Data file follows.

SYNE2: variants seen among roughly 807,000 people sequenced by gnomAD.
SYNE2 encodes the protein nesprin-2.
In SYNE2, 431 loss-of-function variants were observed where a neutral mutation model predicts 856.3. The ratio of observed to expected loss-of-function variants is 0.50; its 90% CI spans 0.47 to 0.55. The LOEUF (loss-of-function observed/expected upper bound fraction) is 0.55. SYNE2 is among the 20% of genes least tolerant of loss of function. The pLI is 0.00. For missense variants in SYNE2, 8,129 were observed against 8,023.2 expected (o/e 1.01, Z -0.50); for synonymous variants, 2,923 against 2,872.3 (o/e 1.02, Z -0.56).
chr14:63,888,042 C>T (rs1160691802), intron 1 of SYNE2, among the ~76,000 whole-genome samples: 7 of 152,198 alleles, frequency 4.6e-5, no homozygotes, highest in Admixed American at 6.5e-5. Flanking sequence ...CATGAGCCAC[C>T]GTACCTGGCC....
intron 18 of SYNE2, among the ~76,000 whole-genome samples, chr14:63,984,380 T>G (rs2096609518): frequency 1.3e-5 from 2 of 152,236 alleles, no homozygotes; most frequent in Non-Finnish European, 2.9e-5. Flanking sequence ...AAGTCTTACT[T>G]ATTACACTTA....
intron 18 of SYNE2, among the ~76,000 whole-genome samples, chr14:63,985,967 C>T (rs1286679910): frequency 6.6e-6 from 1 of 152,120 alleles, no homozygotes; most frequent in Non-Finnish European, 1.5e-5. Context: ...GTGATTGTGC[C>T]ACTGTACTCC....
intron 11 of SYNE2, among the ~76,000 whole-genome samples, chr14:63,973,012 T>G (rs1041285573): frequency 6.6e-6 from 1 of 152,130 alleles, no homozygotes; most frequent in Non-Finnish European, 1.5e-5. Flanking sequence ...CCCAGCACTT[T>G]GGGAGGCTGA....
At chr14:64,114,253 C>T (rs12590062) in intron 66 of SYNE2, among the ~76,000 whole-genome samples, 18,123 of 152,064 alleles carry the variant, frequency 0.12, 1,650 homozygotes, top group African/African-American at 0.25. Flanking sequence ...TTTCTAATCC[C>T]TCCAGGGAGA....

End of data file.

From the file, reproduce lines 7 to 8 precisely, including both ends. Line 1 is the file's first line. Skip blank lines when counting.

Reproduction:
intron 11 of SYNE2, among the ~76,000 whole-genome samples, chr14:63,973,012 T>G (rs1041285573): frequency 6.6e-6 from 1 of 152,130 alleles, no homozygotes; most frequent in Non-Finnish European, 1.5e-5. Flanking sequence ...CCCAGCACTT[T>G]GGGAGGCTGA....
At chr14:64,114,253 C>T (rs12590062) in intron 66 of SYNE2, among the ~76,000 whole-genome samples, 18,123 of 152,064 alleles carry the variant, frequency 0.12, 1,650 homozygotes, top group African/African-American at 0.25. Flanking sequence ...TTTCTAATCC[C>T]TCCAGGGAGA....